Antefix from Caere , 510–500 B.C.
© J. Paul Getty Museum 

From the humble beginning of creating antefixes, evolved the remarkable Etruscan school of votive portraits, designed to be placed in their temples. There are so many of these to choose from, but the superlative example (below) from the Metropolitan Museum of Art certainly deserves inclusion here. 

Terracotta Head of a Youth, 3rd–2nd century B.C.
© The Metropolitan Museum of Art

Created during the waning years of Etruscan power, this portrait of a helmeted hero looked back to the golden age of the city states of Etruria. Once again, it is a brilliant adaptation of Greek art, in this case evoking the idealized features of Alexander the Great. The hero's face, however, preserves the emotional mystery, as well as the vigor, of Archaic era which Etruscan artists continued to favor after the Greeks themselves had abandoned it.

By studying the examples cited above, we can see how the "challenge/response" to Greek and Phoenician culture sparked a vigorous assertion of Etruscan identity. The first "existential" challenge culminated in an Etruscan success story of the highest order.

The second "existential" challenge, however, resulted in failure, defeat and the eventual loss of Etruscan political independence.

The threat to the Etruscans was posed by the Latin-speaking inhabitants of a village on the banks of the Tiber River, the southern border of Etruria. The name of this huddle of thatched-roofed huts, built on seven hills, was Rome. 

Early Rome had nothing to recommend it, except its location. There were no deposits of iron ore, copper or tin. Rome's strategic position, however, meant a great deal to the southernmost of the Etruscan city-states and to groups of ambitious free-booting Etruscan warriors. They coveted the fertile soil of Campania, the richest agricultural region in the south of Italy. To get there from Etruria, travelers needed to pass through Rome.

Around 600 B.C., Etruscans took control of Rome and, over the course of the next century, transformed it into a city. The Etruscans introduced the alphabet and stone buildings, drained a marshy area to create the Forum and strengthened the defenses with an encircling rampart. Nobody looks favorably on being conquered, however, especially a people who later became very successful conquerors themselves.

In 507 B.C., the Romans rose in rebellion against the Etruscan king, Tarquinius or Tarquin the Proud. According to Roman history, the king's son, Sextus Tarquinius, raped a virtuous noblewoman of Rome, Lucretia. To preserve her family's honor, Lucretia committed suicide, sparking the successful Roman revolt. 

The story of Lucretia was narrated by the Roman historian, Livy, and passed down as part of the foundational myth-history of Rome. Artists from the Renaissance to the Romantic era frequently depicted the event, usually with Lucretia in varying degrees of "undress" to heighten the erotic appeal and selling price of the work.

Rembrandt, ignoring the "sex sells" approach to art, painted two versions of the suicide of Lucretia which are of enduring value.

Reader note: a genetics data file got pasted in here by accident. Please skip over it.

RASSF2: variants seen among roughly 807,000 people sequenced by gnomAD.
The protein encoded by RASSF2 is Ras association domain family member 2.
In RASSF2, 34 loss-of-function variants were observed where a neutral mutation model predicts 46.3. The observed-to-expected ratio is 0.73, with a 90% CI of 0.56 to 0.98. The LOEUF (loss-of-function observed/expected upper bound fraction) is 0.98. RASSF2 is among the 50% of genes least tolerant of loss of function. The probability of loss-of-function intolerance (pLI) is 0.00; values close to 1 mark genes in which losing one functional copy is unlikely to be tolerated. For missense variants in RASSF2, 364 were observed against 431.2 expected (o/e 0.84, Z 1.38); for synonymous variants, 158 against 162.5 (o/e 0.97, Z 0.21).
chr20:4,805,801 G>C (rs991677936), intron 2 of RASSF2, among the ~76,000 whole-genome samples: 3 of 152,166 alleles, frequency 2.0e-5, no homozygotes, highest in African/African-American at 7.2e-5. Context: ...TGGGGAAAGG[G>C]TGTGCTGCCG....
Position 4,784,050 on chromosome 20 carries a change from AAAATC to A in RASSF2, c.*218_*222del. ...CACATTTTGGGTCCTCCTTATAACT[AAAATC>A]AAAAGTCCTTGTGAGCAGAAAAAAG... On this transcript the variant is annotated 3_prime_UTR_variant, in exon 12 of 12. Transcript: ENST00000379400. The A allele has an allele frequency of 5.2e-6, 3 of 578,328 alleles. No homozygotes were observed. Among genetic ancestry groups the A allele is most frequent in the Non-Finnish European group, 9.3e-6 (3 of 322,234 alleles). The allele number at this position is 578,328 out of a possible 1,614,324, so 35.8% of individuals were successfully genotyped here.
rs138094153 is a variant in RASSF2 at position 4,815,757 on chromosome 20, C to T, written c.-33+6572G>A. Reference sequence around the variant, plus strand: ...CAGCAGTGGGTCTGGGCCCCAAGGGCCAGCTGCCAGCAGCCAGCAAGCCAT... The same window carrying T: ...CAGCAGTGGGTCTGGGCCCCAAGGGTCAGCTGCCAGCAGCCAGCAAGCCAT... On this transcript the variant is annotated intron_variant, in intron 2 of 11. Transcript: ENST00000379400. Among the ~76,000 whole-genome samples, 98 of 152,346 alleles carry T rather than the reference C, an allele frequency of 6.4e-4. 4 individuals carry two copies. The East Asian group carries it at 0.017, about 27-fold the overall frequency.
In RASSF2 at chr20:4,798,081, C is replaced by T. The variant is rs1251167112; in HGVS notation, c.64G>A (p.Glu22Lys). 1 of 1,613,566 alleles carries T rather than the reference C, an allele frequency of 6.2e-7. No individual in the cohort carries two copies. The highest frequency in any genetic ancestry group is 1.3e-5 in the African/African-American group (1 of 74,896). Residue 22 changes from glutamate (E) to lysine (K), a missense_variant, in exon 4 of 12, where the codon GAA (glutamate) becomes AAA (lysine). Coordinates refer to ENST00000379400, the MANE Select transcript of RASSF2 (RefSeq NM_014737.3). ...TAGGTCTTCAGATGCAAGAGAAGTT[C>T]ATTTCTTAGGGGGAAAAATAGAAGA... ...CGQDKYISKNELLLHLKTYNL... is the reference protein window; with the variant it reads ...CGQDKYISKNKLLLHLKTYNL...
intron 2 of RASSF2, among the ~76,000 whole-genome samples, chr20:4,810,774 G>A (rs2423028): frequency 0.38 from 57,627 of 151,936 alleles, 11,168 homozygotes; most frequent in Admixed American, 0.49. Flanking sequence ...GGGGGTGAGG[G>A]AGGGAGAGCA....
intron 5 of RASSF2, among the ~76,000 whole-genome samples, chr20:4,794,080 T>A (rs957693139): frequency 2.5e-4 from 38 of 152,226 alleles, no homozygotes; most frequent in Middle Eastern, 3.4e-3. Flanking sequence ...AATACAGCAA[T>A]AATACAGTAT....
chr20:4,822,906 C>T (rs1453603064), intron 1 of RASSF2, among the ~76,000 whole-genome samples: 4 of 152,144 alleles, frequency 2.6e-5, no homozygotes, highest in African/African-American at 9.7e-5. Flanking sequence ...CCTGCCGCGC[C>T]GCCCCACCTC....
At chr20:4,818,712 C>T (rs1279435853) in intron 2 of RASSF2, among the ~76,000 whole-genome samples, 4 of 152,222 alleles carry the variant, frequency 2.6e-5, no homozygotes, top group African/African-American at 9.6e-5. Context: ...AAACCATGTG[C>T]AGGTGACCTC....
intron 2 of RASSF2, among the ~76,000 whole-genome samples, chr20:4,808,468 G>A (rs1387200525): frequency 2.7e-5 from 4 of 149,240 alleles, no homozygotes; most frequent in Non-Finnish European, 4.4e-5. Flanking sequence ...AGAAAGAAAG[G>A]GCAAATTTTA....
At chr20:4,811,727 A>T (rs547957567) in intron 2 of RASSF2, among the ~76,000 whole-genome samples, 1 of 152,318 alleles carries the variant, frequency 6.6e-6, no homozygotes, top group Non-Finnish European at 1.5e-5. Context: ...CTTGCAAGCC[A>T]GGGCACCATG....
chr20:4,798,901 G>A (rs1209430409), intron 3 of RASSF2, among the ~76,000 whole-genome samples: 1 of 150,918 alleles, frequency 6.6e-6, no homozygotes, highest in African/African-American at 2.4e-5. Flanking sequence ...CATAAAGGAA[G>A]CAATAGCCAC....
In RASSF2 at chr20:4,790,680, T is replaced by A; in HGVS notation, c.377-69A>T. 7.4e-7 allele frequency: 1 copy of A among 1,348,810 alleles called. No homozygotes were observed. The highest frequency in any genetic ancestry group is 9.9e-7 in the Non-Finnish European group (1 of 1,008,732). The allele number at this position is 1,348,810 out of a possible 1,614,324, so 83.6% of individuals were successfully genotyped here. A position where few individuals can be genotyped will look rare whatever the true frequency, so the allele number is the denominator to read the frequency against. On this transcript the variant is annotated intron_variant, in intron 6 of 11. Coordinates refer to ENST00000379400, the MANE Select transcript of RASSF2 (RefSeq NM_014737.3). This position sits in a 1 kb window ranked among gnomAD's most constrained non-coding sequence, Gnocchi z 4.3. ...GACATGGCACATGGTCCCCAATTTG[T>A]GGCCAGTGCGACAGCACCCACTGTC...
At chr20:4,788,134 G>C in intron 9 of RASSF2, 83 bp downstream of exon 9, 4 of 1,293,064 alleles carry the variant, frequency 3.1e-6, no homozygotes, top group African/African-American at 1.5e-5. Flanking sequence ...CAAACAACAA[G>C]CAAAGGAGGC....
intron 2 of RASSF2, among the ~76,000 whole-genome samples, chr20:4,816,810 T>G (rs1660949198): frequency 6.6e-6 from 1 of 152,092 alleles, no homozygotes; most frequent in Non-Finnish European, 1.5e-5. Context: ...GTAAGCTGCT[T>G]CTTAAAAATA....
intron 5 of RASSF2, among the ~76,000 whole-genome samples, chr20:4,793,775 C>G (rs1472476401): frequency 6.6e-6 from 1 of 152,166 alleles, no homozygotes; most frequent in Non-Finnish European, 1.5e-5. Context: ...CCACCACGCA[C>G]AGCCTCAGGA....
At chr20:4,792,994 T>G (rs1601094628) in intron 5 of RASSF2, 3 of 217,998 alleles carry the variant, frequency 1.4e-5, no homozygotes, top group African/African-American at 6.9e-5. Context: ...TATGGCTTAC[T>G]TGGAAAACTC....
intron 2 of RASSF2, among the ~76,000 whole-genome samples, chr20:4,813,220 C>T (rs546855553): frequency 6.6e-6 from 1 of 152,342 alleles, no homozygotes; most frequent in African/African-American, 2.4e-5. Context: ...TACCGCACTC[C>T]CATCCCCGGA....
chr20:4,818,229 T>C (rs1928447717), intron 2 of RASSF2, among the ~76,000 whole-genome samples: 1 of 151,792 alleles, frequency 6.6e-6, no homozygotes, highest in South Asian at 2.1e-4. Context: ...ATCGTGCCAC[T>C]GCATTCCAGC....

Rembrandt van Rijn, Lucretia, 1664
© The National Gallery of Art

Though separated by over two thousand years from the actual event, Rembrandt accurately captured the emotional traits of the citizens of early Rome in the way he presented Lucretia: honor, courage, determination, self-sacrifice and patriotism.

Early Rome's virtues may not have been lacking among the Etruscans, but we have no histories of the Etruscans, written during ancient times. This make an impartial judgement difficult, if not impossible. A comparison of a Roman work of art, much later in date though it is, with the The Sarcophagus of the Spouses, does help us take the measure of Roman attitudes vis-a-vis those of the Etruscans.

Funerary Relief of Publius Aiedius Amphio and his wife Aiedia, ca. 30 B.C.

The Funerary Relief of Publius Aiedius Amphio and his wife Aiedia, dates to around 30 B.C. Roman portraits, such as this, evolved directly from the example of Etruscan votive images. However, these highly realistic Roman likenesses developed in reaction to the spirit of Etruscan votive portraiture. 

The couple on The Sarcophagus of the Spouses projects feelings of enjoyment of the "good life" - for all eternity. The careworn faces of Publius Aiedius Amphio and Aiedia testify to their lives of toil and sacrifice on behalf of their family and their fellow citizens of Rome. They pose standing-up (some Roman funerary reliefs are full-figure) not lounging on a couch. This marble sculpture, and many similar Roman portraits, proclaims the implacable willpower of the Roman people.

Generalizations, like the above, are risky. What we can say is that, as Rome gained in strength, the Etruscans failed to muster the kind of emotional fortitude we see on the faces of Publius Aiedius Amphio and Aiedia. As a result, they were unable to  achieve Toynbee's "last stage but one of every civilization ... the forced political unification of its constituent parts."

Michael Grant emphasized that we should "erase the term 'Etruscan' and replace it by the name of one of the Etruscan states." The Romans, "team-players" for much of their early history, quickly learned that they were dealing not with Etruscans but with independent-minded citizens of Caere, Veii, Vulcii, Tarquinii and Clusium.

Between the years 507  to 396 B.C., the Romans successfully dealt with a host of political and social problems. Unified on the home front, the Romans sharpened the point of their most effective weapon: the strategy of "divide and conquer." With this policy, rather than numerically superior forces, the Romans began their campaigns to conquer Italy, starting with the Etruscans.